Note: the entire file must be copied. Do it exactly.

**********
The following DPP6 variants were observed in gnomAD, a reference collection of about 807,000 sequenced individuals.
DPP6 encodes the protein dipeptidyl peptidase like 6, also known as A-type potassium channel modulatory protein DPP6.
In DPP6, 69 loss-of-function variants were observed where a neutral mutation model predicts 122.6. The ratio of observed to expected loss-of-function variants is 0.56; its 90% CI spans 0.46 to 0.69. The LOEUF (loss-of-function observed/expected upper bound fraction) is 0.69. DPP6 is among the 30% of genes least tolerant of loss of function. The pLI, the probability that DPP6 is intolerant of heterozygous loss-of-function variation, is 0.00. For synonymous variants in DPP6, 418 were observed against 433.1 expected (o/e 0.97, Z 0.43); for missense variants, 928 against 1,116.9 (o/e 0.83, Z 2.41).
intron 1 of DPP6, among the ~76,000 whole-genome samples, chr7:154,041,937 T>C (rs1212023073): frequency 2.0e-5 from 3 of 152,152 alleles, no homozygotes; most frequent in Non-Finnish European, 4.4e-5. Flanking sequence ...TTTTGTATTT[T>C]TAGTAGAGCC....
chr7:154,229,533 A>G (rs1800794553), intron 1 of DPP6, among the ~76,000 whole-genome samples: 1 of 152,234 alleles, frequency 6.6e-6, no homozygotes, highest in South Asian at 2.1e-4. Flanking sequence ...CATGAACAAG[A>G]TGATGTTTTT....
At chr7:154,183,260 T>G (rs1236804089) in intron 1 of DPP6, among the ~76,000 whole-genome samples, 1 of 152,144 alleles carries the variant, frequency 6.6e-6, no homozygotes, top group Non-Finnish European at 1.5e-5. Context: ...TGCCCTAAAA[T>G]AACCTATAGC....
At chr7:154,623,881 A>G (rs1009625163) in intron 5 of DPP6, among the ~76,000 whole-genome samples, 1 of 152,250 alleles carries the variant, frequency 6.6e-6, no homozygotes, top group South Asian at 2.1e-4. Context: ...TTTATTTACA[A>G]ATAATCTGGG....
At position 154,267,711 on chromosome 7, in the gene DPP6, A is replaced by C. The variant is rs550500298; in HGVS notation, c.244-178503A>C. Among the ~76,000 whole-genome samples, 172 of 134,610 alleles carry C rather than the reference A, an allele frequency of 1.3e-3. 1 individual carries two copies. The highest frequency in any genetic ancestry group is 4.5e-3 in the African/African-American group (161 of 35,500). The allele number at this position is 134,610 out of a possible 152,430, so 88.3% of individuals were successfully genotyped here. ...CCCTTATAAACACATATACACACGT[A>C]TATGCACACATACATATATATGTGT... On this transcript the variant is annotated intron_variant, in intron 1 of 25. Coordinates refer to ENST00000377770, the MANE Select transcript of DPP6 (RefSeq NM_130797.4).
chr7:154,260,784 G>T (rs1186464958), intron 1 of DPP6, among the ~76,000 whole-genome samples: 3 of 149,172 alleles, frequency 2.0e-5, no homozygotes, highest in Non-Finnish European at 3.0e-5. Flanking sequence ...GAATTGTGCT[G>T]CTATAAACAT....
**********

The following DPP6 variants were observed in gnomAD, a reference collection of about 807,000 sequenced individuals.
DPP6 encodes the protein dipeptidyl peptidase like 6, also known as A-type potassium channel modulatory protein DPP6.
In DPP6, 69 loss-of-function variants were observed where a neutral mutation model predicts 122.6. The ratio of observed to expected loss-of-function variants is 0.56; its 90% CI spans 0.46 to 0.69. The LOEUF (loss-of-function observed/expected upper bound fraction) is 0.69. DPP6 is among the 30% of genes least tolerant of loss of function. The pLI, the probability that DPP6 is intolerant of heterozygous loss-of-function variation, is 0.00. For synonymous variants in DPP6, 418 were observed against 433.1 expected (o/e 0.97, Z 0.43); for missense variants, 928 against 1,116.9 (o/e 0.83, Z 2.41).
intron 1 of DPP6, among the ~76,000 whole-genome samples, chr7:154,041,937 T>C (rs1212023073): frequency 2.0e-5 from 3 of 152,152 alleles, no homozygotes; most frequent in Non-Finnish European, 4.4e-5. Flanking sequence ...TTTTGTATTT[T>C]TAGTAGAGCC....
chr7:154,229,533 A>G (rs1800794553), intron 1 of DPP6, among the ~76,000 whole-genome samples: 1 of 152,234 alleles, frequency 6.6e-6, no homozygotes, highest in South Asian at 2.1e-4. Flanking sequence ...CATGAACAAG[A>G]TGATGTTTTT....
At chr7:154,183,260 T>G (rs1236804089) in intron 1 of DPP6, among the ~76,000 whole-genome samples, 1 of 152,144 alleles carries the variant, frequency 6.6e-6, no homozygotes, top group Non-Finnish European at 1.5e-5. Context: ...TGCCCTAAAA[T>G]AACCTATAGC....
At chr7:154,623,881 A>G (rs1009625163) in intron 5 of DPP6, among the ~76,000 whole-genome samples, 1 of 152,250 alleles carries the variant, frequency 6.6e-6, no homozygotes, top group South Asian at 2.1e-4. Context: ...TTTATTTACA[A>G]ATAATCTGGG....
At position 154,267,711 on chromosome 7, in the gene DPP6, A is replaced by C. The variant is rs550500298; in HGVS notation, c.244-178503A>C. Among the ~76,000 whole-genome samples, 172 of 134,610 alleles carry C rather than the reference A, an allele frequency of 1.3e-3. 1 individual carries two copies. The highest frequency in any genetic ancestry group is 4.5e-3 in the African/African-American group (161 of 35,500). The allele number at this position is 134,610 out of a possible 152,430, so 88.3% of individuals were successfully genotyped here. ...CCCTTATAAACACATATACACACGT[A>C]TATGCACACATACATATATATGTGT... On this transcript the variant is annotated intron_variant, in intron 1 of 25. Coordinates refer to ENST00000377770, the MANE Select transcript of DPP6 (RefSeq NM_130797.4).
chr7:154,260,784 G>T (rs1186464958), intron 1 of DPP6, among the ~76,000 whole-genome samples: 3 of 149,172 alleles, frequency 2.0e-5, no homozygotes, highest in Non-Finnish European at 3.0e-5. Flanking sequence ...GAATTGTGCT[G>T]CTATAAACAT....